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Masanobu Fukuoka

This is a fairly recent video about the Natural Farming pioneer Masanobu Fukuoka (1913-2008) that was produced by one of his former students, Larry Korn, who also translated Fukuoka’s best-known book "The One Straw Revolution" into English. One of the reasons why this video is especially interesting is that it contains video material showing Fukuoka in his fields that doesn’t appear to have been widely available before.

Unfortunately, Fukuoka’s seminal treatise "The One Straw Revolution" may be difficult to grasp for many people who grew up in western culture, especially due to philosophical ideas that are rooted in the Zen Buddhist concept of "Nothingness" (mu) which are all too easily misread as being nihilistic. His other — but less well known — book, "The Natural Way of Farming", is more elaborate, far more pragmatic, and contains a good deal of background about the observations, ideas, trials and errors by which Fukuoka developed his methods. Hence, it may serve well to make both his other writings and his work more accessible to a wide audience. (I would highly recommend to read the section "Second Thoughts on Post-Season Rice Cultivation" and the one immediately before it in Chapter 4 of that book before reading this work from the beginning.)

11 Comments

  1. “Here in Northern California eucs have taken entire areas that were formerly native oaks and redwood forests. Euc introduction here has been an unmitigated disaster.

    Very little to nothing else grows in California euc forests.

    Comment by John Donaldson — November 6, 2010 @ 2:52 am”

    See: https://permaculturenews.org/2010/07/29/are-eucalypts-weeds/

    Is it wise planting eucalyptus in Japan considering the huge problems they’ve got with this tree in California?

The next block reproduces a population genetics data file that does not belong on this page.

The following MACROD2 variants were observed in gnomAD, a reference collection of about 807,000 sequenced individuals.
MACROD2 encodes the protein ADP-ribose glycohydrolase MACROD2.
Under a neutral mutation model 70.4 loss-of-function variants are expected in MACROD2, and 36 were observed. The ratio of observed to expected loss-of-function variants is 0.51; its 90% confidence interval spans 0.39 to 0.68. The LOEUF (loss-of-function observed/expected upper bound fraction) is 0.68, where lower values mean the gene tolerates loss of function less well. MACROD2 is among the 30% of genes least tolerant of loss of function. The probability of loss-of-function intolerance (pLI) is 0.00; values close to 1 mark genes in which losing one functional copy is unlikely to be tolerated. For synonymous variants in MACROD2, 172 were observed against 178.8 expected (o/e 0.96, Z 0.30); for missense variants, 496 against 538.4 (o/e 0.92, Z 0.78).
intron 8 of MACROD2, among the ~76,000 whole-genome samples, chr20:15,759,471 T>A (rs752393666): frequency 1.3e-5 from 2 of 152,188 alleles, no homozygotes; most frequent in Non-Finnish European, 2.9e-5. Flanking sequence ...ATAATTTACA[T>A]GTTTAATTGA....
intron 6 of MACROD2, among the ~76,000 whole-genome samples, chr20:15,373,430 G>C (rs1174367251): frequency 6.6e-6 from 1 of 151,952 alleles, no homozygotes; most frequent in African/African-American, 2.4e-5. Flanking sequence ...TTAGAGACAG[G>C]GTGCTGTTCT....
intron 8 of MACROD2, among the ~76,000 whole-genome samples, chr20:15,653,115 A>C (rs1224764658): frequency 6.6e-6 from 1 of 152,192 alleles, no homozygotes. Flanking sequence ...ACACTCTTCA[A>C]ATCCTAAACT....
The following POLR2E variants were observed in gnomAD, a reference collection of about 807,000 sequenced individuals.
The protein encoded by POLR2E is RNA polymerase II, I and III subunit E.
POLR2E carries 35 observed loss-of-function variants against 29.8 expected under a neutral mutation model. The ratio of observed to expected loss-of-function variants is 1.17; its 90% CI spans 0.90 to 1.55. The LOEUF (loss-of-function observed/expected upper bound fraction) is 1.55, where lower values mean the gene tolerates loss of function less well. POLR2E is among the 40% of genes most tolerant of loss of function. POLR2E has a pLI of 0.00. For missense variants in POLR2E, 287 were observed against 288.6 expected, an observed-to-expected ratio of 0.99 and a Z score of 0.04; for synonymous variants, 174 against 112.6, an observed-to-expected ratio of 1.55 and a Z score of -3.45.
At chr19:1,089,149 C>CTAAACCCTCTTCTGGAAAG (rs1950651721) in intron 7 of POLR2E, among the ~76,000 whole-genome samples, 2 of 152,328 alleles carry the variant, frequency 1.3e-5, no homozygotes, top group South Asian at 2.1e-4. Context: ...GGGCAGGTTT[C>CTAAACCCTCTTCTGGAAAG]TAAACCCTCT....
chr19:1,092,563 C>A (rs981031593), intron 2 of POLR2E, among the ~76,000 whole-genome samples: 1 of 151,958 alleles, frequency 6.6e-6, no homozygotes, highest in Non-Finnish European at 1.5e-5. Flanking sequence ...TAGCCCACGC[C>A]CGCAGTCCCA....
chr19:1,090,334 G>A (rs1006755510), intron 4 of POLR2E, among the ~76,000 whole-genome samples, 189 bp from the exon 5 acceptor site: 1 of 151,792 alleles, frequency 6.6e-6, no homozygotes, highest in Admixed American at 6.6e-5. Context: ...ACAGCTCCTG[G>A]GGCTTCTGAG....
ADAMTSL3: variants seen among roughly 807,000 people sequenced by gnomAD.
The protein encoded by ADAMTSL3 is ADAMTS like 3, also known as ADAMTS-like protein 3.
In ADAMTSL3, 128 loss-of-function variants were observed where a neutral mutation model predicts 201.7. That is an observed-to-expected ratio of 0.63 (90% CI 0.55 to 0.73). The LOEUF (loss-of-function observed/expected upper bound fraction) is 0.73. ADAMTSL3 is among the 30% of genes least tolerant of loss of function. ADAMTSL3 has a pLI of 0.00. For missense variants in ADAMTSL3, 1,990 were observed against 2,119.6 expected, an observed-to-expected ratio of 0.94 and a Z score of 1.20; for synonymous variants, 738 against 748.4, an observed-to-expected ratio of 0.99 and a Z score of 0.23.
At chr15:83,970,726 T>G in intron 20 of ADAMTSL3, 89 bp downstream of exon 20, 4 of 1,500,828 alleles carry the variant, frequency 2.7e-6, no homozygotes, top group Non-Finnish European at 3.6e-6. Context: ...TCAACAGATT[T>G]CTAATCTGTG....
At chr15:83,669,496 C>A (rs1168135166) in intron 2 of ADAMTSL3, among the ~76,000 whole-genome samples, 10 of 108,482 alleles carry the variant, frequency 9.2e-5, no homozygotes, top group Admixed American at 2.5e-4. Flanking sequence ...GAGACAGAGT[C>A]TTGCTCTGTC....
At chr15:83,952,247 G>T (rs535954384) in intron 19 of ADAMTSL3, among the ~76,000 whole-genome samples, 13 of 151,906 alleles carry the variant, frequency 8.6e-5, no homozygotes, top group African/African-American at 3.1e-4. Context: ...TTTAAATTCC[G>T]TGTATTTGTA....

2. Unless I missed something in the clip, I think you are getting two Australian natives confused. Eucalyptus are not acasia’s. Many eucalyptus are highly alleopathic and a real pain in the ass even here (in my humble opinion) the acasia on the other hand are short lived nitrogen fixing pioneer trees.

  3. Thank you Thomas for presenting that video. A valuable memento of the work of a truly remarkable man, including some footage of a younger, bare foot and cross-legged Bill Mollison. A real treasure.

  4. Thank you for posting this Masanobu Fukuouka is modern day saint: a bhudda, a jesus, a loa tzu. Beyond his farming methods is a deeper notion about to live well with ourselves, each other and the planet.

    His methods of farming are, in view, brilliant. But the “one staw revolution” I feel he answers Socrates question of “How are we to live?” He takes a deep, yet simplitistic look at health, eduation, and social change.

    I feel One Straw Revolution is a must read. Like the person posting this artile wisely said it can be a difficult book to grasp particulalry if you have grown up in the west. But not all seeds sprout with with first shower of rain.

    Peace

  5. That’s right, Acacia trees and shrubs are numerous in Australia but also exist in other countries. They are hardy, nitrogen fixing trees, which can be used as part of a food forest system, particularly those that have edible seeds or can be used as high quality timber. The common name for these trees in Australia is Wattles. Their flowers also smell wonderful.

  6. Bazman,

    as this book is out of print, some might want to know that they can lend out an electronic copy from this library:

    https://www.soilandhealth.org/01aglibrary/01aglibwelcome.html

    Australian library law permits providing electronic copies for books that are out of use. But to all who would like to do so: be very sure you thoroughly read the terms and conditions first.

    Steve Solomon has a number of other interesting texts, also in other sections of his library. There are some real gems, but there also is a lot of trash.

  7. A third book that I found online (unofficial channels) is this “The Road Back to Nature” (copyright 1987, translated by Frederic Metreaud, published by Japan Publications, Inc.) which talks about his travels in America and Europe but goes on to talk about numerous other things related to natural farming (I’ve only finished a fifth of it). Thanks for the video.

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